The project took a more natural and sustainable approach to restoring the beaches than what had been done on other Florida coasts. By using sand instead of seawalls, storm protection was improved for beachside residents and businesses, and minimized the impacts on wildlife habitats.
One of Florida's most popular surfside towns recently added 4.7 million cubic yards of beach sand as part of a $39 million beach restoration project, just in time for the spring and summer travel seasons. In a ceremony in Washington DC on February 25, Cocoa Beach was recognized for being one of only four U.S. beaches named a 2014 Best Restored Beach by The American Shore and Beach Preservation Association. Once a narrow, sandy strip lined with concrete seawalls, the iconic beach known for surfing and space exploration has expanded its shoreline by an impressive 160 additional feet.
Beach restoration on Florida's Space Coast began as an effort to protect the 72-mile-long coastline from threats posed by beach erosion and storms. Today, the wider beach with natural sand dunes is not only successful at preventing storm damage to coastline development, but also creates healthy habitats for coastal wildlife and tourist recreation such as surfing, fishing, sunbathing and much more.
The project took a more natural and sustainable approach to restoring the beaches than what had been done on other Florida coasts. By using sand instead of seawalls, storm protection was improved for beachside residents and businesses, and minimized the impacts on wildlife habitats. Florida's Space Coast is considered by biologists to be the most important nesting area for loggerhead sea turtles in the western hemisphere and these newly restored, wide and sandy beaches provide ideal nesting habitats for these turtles.
With the success of the North Reach Project spanning from Cocoa Beach to Cape Canaveral, we have successfully created a way to keep sand on the beach and continue to protect our homes, businesses and communities from the devastating effects of storms, said Vice Chairman, Jim Barfield, District 2 Commissioner, whose District includes the City of Cocoa Beach and Cape Canaveral. "The North Reach Project is a perfect example of a beach restoration project that has proven its worth over and over again, sustaining our tourism, environment and driving our economy upward year after year."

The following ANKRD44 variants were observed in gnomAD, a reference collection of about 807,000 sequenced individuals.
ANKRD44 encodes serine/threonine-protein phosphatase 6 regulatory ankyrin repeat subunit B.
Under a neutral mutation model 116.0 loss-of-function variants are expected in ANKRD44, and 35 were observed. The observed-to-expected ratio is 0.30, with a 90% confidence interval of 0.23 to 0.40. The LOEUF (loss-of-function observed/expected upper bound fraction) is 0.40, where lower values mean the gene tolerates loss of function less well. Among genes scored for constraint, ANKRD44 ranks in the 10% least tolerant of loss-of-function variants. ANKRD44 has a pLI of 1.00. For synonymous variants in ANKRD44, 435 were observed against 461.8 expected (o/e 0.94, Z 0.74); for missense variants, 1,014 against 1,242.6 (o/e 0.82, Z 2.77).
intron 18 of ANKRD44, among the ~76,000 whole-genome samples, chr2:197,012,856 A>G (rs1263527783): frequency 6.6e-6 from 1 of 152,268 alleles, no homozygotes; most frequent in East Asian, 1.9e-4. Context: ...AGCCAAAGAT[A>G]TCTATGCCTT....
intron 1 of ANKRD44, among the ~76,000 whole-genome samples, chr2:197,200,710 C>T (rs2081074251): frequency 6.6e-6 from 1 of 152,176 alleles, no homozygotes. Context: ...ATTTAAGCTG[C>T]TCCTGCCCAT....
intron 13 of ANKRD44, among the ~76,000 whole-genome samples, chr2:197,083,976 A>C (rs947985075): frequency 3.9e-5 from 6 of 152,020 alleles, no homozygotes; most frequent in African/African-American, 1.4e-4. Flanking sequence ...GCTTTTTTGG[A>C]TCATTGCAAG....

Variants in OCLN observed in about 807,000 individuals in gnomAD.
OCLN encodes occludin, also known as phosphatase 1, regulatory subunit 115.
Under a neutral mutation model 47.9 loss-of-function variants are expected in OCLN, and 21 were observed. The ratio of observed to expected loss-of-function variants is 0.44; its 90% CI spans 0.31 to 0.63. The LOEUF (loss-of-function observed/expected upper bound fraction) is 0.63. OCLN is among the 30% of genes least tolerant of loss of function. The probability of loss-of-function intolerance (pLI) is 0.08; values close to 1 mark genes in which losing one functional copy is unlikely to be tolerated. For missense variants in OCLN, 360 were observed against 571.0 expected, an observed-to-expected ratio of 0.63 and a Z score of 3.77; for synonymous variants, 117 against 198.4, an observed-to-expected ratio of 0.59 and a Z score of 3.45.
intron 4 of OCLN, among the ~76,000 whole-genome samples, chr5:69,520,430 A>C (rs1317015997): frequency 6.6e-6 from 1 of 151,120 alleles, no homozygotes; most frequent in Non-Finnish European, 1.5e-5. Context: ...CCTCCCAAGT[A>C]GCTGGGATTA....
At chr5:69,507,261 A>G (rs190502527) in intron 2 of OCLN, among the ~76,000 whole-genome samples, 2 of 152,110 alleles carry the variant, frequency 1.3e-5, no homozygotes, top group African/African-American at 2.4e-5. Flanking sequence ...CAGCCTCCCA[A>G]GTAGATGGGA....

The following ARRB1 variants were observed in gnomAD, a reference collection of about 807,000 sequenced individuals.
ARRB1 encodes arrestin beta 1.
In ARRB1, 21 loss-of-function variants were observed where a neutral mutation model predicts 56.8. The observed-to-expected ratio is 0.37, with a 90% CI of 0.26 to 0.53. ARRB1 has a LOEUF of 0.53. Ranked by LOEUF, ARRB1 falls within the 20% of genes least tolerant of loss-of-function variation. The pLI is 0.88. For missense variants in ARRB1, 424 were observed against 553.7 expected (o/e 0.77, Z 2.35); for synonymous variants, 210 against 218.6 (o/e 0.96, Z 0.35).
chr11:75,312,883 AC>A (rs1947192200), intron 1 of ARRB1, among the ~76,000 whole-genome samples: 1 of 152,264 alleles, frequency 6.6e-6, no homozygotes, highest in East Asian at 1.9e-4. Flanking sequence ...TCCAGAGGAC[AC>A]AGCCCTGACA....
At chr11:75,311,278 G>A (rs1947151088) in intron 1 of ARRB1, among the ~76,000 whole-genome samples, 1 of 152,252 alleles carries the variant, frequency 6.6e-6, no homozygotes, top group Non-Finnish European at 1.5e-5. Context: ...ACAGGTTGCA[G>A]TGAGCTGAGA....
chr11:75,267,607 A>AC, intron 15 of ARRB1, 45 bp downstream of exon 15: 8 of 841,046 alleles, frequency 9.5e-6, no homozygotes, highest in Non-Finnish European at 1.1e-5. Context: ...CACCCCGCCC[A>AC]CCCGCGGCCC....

Brevard County's North and South Reach Space Coast beaches including Cocoa Beach, Cape Canaveral and Indialantic, have benefited from the federal project. They were tested in 2004 when hurricanes Charlie, Frances and Gene pounded the Space Coast and not one structure was lost along the 14 miles of new beach. Using innovative construction methods, specifically a near-shore sand re-handling area, allowed the North Reach project to be completed a year ahead of schedule and $700,000 under budget with minimal disturbance to both tourists and wildlife.
Florida's Space Coast officials are currently working with federal officials to secure an additional $5.4 million to finish the Mid Reach section of the Space Coast, the third and final phase of the project. The Mid Reach phase includes protections for Indian Harbour Beach, Satellite Beach and Melbourne. The project uses a combination of matching federal, state and local tourism tax investment.
About Florida's Space Coast Located 35 miles east of Orlando, Florida's Space Coast is home to Orlando's closest beaches. Encompassing Cocoa Beach, Melbourne Beach, Palm Bay and Titusville, this family-friendly destination offers more than 10,000 guest rooms and is an ideal, value getaway. Guests will discover 72 miles of beaches, the longest stretch in the state and more than 250 square miles of wildlife refuge. It is home to one of the nations busiest cruise ports; is the nations East Coast surfing capital and the location of NASA's Kennedy Space Center, where all 135 shuttle missions were launched and unmanned rockets continue to lift off. The Space Coast is home to Space Shuttle Atlantis and is one of only four destinations nationwide where visitors can view an orbiter. For more information, go to www.visitspacecoast.com. You can also like us on Facebook at facebook.com/visitspacecoast and follow us on Twitter at twitter.com/flaspacecoast.